If your application needs to move a file, one way to do this is to use the .NET Framework System.IO.File.Move method, which moves the specified file from one file system location to another. Unfortunately, this method does not permit you to cancel the operation, nor does it provide progress information. So using this method to copy a 4GB VHD, for example, would appear to freeze your application.
If you would like to provide move file functionality with the ability to cancel the operation and get progress information, you can use the Windows API MoveFileWithProgress. This function lives in Kernel32.dll and requires you use .NET Framework P/Invoke to access it. The basic idea is that you call the API specifying the source and target paths as well as a pointer to a callback function. The callback function is called by Windows every time a chunk of the file is copied, with information about the total file size, total bytes copied so far, and a cancel option.
I won’t include the full text of the class inline, but a C# source file is attached which wraps the MoveFileWithProgress Windows API within a .NET class. The class exposes a Progress event using the standard .NET Framework event pattern, so the clients of the class don’t have to worry about the Windows-specific stuff. The client simply needs to instantiate the class, register a delegate pointing to the desired progress callback function, and call the Move method.
The key part of the implementation is the MoveFileWithProgress declaration:
/// The MoveFileWithProgress function moves a file or directory. MoveFileWithProgress is equivalent to the MoveFileEx function,
/// except that MoveFileWithProgress allows you to provide a callback function that receives progress notifications.
/// <param name="lpExistingFileName">The existing file or directory on the local computer.</param>
/// <param name="lpNewFileName">The new name of the file or directory on the local computer. When moving a file, lpNewFileName can
/// be on a different file system or volume. If lpNewFileName is on another drive, you must set the MOVEFILE_COPY_ALLOWED flag in dwFlags.
/// When moving a directory, lpExistingFileName and lpNewFileName must be on the same drive. </param>
/// <param name="lpProgressRoutine">Pointer to a CopyProgressRoutine callback function that is called each time another portion of the file has been moved.
/// The callback function can be useful if you provide a user interface that displays the progress of the operation. This parameter can be Null.</param>
/// <param name="lpData">Argument to be passed to the CopyProgressRoutine callback function. This parameter can be Null.</param>
/// <param name="dwFlags">Move options.</param>
[DllImport("kernel32.dll", SetLastError=true)] private static extern bool MoveFileWithProgress(
uint dwFlags );
The progress callback function has the following signature and examines the callback reason and takes action on the CALLBACK_CHUNK_FINISHED value:
/// The CopyProgressRoutine delegate is an application-defined callback function used with the CopyFileEx and MoveFileWithProgress functions.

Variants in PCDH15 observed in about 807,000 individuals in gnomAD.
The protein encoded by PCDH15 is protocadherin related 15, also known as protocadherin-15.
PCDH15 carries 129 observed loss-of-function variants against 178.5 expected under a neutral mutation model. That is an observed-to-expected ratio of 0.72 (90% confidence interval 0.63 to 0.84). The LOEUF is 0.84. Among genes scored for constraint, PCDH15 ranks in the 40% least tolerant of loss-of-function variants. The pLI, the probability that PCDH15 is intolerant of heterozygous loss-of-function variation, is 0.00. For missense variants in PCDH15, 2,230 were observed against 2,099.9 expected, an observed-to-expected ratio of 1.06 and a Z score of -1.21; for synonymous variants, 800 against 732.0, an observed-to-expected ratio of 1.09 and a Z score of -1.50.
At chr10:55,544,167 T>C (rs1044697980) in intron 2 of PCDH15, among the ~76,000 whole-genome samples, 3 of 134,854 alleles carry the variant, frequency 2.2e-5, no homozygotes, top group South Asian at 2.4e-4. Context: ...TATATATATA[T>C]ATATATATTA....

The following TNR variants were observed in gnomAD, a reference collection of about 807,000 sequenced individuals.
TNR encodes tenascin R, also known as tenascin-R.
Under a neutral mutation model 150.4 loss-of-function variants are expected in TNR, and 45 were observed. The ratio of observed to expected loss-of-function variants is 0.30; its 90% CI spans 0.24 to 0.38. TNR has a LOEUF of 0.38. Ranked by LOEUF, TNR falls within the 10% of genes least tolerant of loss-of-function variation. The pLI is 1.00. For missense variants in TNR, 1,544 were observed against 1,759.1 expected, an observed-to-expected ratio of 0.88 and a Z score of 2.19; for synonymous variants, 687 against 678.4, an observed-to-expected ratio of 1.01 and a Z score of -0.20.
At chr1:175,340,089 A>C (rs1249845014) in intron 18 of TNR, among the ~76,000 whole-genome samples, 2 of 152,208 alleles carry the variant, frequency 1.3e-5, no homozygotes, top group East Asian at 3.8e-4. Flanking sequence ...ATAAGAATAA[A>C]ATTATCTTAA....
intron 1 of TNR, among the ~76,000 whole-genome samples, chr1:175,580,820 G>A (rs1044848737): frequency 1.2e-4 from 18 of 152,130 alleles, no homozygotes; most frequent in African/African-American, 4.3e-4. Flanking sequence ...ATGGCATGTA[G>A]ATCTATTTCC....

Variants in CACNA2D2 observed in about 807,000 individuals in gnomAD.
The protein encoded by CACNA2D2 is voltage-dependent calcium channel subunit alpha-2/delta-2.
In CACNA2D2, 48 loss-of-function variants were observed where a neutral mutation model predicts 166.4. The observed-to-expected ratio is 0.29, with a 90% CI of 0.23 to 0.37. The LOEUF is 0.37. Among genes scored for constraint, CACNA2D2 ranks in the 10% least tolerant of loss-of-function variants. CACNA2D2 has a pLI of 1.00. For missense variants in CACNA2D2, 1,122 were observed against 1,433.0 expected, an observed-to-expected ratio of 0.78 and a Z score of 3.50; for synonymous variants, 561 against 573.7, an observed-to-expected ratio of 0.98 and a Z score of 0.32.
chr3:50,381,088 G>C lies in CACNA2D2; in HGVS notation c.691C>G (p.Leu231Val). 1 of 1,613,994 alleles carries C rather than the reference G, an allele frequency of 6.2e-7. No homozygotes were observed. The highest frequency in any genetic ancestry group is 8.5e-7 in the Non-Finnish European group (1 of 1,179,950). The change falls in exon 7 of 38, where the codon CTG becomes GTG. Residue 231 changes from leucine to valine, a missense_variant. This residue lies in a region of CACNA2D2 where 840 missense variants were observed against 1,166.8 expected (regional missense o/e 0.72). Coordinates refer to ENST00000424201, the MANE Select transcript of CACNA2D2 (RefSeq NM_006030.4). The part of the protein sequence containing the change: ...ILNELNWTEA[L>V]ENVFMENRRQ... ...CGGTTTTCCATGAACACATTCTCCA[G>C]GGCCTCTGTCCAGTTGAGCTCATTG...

/// It is called when a portion of a copy or move operation is completed.
/// <param name="TotalFileSize">Total size of the file, in bytes.</param>
/// <param name="TotalBytesTransferred">Total number of bytes transferred from the source file to the destination file since the copy operation began.</param>
/// <param name="StreamSize">Total size of the current file stream, in bytes.</param>
/// <param name="StreamBytesTransferred">Total number of bytes in the current stream that have been transferred from the source file to the destination file since the copy operation began. </param>
/// <param name="dwStreamNumber">Handle to the current stream. The first time CopyProgressRoutine is called, the stream number is 1.</param>
/// <param name="dwCallbackReason">Reason that CopyProgressRoutine was called.</param>
/// <param name="hSourceFile">Handle to the source file.</param>
/// <param name="hDestinationFile">Handle to the destination file.</param>
/// <param name="lpData">Argument passed to CopyProgressRoutine by the CopyFileEx or MoveFileWithProgress function.</param>
/// <returns>A value indicating how to proceed with the copy operation.</returns>
protected uint CopyProgressCallback(
IntPtr lpData )
switch ( dwCallbackReason )
// Another part of the file was copied.
CopyProgressEventArgs e = new CopyProgressEventArgs( TotalFileSize, TotalBytesTransferred );
InvokeCopyProgress( e );
return e.Cancel ? PROGRESS_CANCEL : PROGRESS_CONTINUE;
// A new stream was created. We don’t care about this one – just continue the move operation.
The public Move method simply delegates to the Windows API function and throws a .NET exception if the API returns a failure:
/// Move a file or directory from source to destination with copy progress reports.
/// <param name="sourceFile">The file or directory to be moved.</param>
/// <param name="destinationFile">The new name of the file or directory.</param>
public void Move( string sourceFile, string destinationFile )
bool success = MoveFileWithProgress( sourceFile, destinationFile, new CopyProgressRoutine( this.CopyProgressCallback ), IntPtr.Zero, MOVEFILE_COPY_ALLOWED | MOVEFILE_REPLACE_EXISTING | MOVEFILE_WRITE_THROUGH );
// Throw an exception if the Move failed.
if ( ! success )
int error = Marshal.GetLastWin32Error( );
throw new Win32Exception( error );
As I mentioned above, the attached class has a full implementation including definition of all the symbols required.